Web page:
Amidst the zeitgeist of the world’s political unrest, it is befitting that French film director, Luc Besson (La Femme Nikita, Fifth Element), brings to the screen “The Lady”, an inspiring depiction that tells the story of Aung San Suu Kyi, the Nobel Peace Prize winner from Burma who became the country’s pro-democracy movement’s accidental leader.
Suu Kyi spent 20 years in Oxford raising her two children with her husband but returned to her country in 1988 after receiving a call that her mother had a severe stroke. This visit would intersect with the outbreak of a spontaneous revolt against 26 years of political repression and economic decline. Students and writers of this democracy movement soon ceased upon her presence to galvanize the movement that would soon propel her into the political limelight which would eventually lead to several house arrests spanning over 21 years. Suu Kyi’s release occurred only two years ago in November 2010.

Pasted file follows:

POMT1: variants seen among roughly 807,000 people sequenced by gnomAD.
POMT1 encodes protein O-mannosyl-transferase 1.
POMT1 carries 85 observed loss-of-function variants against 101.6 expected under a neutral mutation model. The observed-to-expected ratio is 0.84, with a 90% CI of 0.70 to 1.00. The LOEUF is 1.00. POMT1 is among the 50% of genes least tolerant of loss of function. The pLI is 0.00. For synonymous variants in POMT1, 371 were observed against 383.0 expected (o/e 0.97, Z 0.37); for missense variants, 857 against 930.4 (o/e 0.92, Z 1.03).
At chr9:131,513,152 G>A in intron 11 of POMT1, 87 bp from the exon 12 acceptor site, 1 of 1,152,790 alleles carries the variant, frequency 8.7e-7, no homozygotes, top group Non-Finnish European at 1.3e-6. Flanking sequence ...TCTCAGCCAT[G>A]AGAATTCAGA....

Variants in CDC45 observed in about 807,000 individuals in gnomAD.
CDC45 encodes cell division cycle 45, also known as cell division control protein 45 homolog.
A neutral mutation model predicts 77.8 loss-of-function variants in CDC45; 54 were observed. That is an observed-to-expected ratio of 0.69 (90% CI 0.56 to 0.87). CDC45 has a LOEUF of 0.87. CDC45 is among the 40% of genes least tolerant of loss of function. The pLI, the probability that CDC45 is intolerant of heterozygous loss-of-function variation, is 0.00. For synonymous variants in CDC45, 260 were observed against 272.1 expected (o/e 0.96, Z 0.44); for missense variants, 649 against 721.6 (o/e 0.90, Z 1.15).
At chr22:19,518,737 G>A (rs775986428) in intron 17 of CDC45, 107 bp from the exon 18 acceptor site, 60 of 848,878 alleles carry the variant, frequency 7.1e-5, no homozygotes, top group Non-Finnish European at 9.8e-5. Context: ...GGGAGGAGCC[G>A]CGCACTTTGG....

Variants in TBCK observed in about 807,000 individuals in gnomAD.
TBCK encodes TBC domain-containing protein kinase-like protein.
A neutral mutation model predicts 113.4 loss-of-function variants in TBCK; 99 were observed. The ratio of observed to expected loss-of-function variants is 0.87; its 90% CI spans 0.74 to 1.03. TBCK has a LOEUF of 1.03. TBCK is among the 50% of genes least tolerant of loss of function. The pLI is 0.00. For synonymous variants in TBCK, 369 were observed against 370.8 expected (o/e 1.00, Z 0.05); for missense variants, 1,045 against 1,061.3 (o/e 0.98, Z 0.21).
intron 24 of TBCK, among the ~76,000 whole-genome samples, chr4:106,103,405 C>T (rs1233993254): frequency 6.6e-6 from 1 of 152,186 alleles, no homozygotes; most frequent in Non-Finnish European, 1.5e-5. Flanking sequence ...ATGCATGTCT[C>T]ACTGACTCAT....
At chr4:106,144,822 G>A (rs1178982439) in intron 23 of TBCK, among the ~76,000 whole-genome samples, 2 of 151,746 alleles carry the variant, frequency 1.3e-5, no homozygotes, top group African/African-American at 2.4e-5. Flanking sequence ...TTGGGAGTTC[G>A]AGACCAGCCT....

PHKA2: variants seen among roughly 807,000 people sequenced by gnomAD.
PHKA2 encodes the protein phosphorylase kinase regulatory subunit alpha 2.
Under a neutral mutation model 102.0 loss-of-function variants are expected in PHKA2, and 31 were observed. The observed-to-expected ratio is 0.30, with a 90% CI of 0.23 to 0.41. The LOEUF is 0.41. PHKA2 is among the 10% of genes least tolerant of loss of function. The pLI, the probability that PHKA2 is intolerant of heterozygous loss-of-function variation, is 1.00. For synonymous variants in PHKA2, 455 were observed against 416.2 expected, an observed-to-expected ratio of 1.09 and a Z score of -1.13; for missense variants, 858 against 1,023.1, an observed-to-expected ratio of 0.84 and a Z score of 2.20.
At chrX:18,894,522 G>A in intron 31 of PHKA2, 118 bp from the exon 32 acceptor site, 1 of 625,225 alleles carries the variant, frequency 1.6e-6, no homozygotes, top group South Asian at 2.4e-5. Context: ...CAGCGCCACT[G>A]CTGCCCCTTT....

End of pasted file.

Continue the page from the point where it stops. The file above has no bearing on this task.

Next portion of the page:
“The Lady” rekindles Suu Kyi’s dramatic story that begins in 1947when she was only two years old. That same year, her father, Aung San, Burma’s national hero was assassinated just before the country gained independence from British rule to which he dedicated his life. From that point on, the film knits together chunks of time that fast forwards and rewinds on the timeline making it a bit difficult to follow unless one is familiar with the history of Burma and Suu Kyi.
To the credit of the casting director, who did an excellent job in recruiting actors that were dead-ringers for actual personages including the uncanny portrayal of Suu Kyi by Michelle Yeoh (Crouching Tiger, Hidden Dragon; Tomorrow never Dies, Memoirs of a Geisha); Desmond Tutu played by Ilario Bisi-Pedro as well as Jonathan Woodhouse who plays her oldest son, Alexander. “The Lady” also stars David Thewlis (Harry Potter film series; War Horse) who plays Michael Aris, an Oxford academic and also the husband of Suu Kyi.
With beautiful cinematography primarily shot in Thailand and a choice soundtrack, “The Lady” is overall an engaging film that is certainly worth seeing as a primer to a very complex subject and that it is simply difficult to make a movie of someone who is still alive and whose life is still unfolding.
“The Lady” opens in San Francisco Bay Area Landmark Theatres on April 13.